One of Holden's unsung Bathurst heroes fetches half a mil
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If you're a bit wealthy and you love your big, brutal, Aussie V8s, then you'll be doing either one of two things — you'll be selling them, or you'll be buying them.
The market for these cars, both new and old, is coming to a head in 2017. Just a few weeks ago an HSV GTSR W1 was bidded up to an eye watering $278,000 (though it still failed to meet reserve...), and more recently this comparatively basic, humble, 1969 Holden HT Monaro GTS sold at auction over the ditch for AU$500,000 (NZ$541,000) on Saturday. That's a record price.
It's never that simple of course. This Monaro is an integral part of Aussie motoring history; not just for what it did for Holden, but also for what it did for Australian motorsport.
The Holden Dealer Team was formed in 1969, at a time where motorsport was well and truly a 'win on Sunday, sell on Monday' exercise. This very car was used to help homologate their three-car assault for that year's Hardie-Ferodo Bathurst 500 (in the days when the race was 500 miles long, rather than the 1000 kilometres it is today).
That doesn't sound like the most important application ... until you realise the difference the research around humble '57 D' provided the HDT squad. It debuted at the Sandown 300 with Spencer Martin and Kevin Bartlett behind the wheel, and looked good until it crashed heavily. Martin copped much of the blame for the crash, though the team later found that brake failure was the real cause. They also found that the Monaro was chewing up its own piston rings during the race, leading to loss of power and a lot of oil being guzzled.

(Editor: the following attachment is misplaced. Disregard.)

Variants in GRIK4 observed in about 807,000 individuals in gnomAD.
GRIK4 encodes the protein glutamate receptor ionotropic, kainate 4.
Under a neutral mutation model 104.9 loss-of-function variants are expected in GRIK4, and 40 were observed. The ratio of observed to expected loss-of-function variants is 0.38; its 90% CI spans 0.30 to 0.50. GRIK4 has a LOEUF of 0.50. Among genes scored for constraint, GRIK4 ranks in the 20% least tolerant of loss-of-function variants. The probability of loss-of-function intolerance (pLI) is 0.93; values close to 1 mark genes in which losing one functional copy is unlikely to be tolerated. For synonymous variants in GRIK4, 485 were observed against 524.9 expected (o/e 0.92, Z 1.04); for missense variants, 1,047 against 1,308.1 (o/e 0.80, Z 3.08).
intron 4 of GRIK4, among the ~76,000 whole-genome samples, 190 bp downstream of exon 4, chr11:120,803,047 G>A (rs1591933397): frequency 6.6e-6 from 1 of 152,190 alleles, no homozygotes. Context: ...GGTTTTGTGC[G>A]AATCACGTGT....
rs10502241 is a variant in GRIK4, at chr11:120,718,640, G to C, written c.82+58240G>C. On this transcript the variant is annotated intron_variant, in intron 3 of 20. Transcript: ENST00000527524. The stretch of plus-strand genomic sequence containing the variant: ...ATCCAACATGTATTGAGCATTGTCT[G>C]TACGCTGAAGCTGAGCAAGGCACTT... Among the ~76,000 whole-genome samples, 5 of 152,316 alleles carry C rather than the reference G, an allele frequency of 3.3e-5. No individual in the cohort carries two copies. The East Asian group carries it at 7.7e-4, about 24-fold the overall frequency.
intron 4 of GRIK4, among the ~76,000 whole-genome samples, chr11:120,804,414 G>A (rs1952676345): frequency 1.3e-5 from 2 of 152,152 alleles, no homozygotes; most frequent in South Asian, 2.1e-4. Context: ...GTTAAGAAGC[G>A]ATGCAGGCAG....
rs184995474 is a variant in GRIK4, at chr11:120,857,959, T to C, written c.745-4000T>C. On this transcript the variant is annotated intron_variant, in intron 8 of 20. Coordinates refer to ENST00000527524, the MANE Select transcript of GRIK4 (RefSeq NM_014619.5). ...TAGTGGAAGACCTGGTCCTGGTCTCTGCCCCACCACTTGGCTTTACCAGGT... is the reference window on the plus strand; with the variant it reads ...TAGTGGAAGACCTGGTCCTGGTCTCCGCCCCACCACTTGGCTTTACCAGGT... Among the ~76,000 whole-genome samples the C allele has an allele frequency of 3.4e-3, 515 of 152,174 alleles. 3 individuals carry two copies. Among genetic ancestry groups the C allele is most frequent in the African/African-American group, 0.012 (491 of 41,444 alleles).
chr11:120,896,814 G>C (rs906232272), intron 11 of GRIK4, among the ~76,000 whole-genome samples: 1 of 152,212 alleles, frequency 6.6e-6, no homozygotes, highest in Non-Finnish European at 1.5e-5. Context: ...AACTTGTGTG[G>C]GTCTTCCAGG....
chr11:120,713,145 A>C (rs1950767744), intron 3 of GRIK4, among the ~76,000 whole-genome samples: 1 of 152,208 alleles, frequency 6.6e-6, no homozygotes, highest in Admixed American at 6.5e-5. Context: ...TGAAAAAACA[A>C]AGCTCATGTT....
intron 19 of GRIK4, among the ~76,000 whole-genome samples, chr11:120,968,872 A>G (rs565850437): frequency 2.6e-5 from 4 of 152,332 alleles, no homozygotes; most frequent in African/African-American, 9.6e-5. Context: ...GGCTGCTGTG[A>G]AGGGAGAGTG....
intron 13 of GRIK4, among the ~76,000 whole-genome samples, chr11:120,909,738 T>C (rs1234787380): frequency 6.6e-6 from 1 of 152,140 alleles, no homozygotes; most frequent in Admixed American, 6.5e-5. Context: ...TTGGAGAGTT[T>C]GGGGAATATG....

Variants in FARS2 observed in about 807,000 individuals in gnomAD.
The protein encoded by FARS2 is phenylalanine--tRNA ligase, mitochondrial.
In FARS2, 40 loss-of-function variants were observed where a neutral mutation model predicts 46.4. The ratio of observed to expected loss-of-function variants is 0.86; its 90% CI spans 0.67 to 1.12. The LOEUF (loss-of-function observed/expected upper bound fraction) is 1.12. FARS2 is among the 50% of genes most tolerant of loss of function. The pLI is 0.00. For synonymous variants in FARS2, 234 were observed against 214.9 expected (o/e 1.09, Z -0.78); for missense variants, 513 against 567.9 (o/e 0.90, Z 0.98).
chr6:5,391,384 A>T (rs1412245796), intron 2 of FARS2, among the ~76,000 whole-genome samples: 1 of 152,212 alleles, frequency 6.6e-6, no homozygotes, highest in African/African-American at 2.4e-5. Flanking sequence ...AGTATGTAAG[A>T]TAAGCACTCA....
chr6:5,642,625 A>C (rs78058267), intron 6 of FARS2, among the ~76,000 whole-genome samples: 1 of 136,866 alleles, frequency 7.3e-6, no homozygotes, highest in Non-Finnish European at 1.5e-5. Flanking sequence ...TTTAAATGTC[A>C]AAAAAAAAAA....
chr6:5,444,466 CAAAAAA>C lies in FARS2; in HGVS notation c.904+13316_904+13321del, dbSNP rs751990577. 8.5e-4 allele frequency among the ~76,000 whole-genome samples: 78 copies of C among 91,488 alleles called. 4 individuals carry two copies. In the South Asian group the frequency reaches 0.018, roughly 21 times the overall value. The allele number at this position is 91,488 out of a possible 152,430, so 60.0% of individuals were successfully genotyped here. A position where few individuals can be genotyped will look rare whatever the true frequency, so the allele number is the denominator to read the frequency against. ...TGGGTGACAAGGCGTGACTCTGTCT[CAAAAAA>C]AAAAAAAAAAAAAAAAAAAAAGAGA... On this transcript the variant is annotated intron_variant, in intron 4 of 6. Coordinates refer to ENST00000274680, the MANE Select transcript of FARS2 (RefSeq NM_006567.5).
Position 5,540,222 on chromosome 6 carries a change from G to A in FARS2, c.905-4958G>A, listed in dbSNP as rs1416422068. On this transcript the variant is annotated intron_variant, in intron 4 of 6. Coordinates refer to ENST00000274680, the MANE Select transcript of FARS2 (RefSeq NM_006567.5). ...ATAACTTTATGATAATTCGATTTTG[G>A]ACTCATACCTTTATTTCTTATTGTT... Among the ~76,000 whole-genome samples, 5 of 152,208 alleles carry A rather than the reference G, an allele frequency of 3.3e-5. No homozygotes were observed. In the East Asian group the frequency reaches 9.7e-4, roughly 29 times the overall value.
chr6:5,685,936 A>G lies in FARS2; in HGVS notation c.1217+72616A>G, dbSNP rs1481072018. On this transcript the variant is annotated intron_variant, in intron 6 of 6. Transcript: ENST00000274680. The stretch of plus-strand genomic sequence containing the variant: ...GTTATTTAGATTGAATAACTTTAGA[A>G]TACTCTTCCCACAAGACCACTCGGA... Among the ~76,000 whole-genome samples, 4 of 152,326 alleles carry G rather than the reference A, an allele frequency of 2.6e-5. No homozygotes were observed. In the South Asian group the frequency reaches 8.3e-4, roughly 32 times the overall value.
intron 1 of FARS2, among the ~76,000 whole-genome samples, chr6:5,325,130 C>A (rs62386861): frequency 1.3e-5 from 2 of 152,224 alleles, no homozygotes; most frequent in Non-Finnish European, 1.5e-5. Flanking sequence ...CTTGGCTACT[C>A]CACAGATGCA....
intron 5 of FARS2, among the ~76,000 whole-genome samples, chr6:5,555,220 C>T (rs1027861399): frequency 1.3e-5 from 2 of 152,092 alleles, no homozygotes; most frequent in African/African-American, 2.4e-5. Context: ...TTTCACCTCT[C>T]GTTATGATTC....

Come the Bathurst 500, HDT fronted two new Monaros based on the specifications of the diagnosed changes to the piston rings and brakes. Come the great race — a race that Holden and their 'unreliable' Monaro were underdogs for — and HDT claimed victory with their lead '44 D' car of Colin Bond and Tony Roberts. In fact, all three of the HDT Monaros finished in the top six, while the other four Monaros on the entry list all failed to finish.
Why's this result so important? Well, one of HDT's drivers at the time was a young bloke named Peter Brock. He, a Bathurst rookie, had finished third with Des West in the team's second car. Brock was raw at the time; talent unearthed from club racing with barely a drop of professional experience. Had he not tasted podium success in 1969, he could well have left HDT to compete for another team, or even faded into obscurity as a lot of race drivers do.
But no, having claimed a podium on debut with the team Brock stayed on and became one of the most popular and influential competitors in Australian sport, not to mention a grand ambassador for both Holden and the Australian Touring Car Championships. He won three ATCC titles and eight of his nine Bathurst crowns with the HDT (the first coming two years after his 1969 podium).
As is typical of race cars from this period, this Monaro is more or less a pure road car. The interior is full upholstered, with its tartan and completely non-supportive seats, its wood grain dash trim, and no roll-over protection at all.
When it was new, you could buy one of these for less than AU$4,000. What a time to be alive.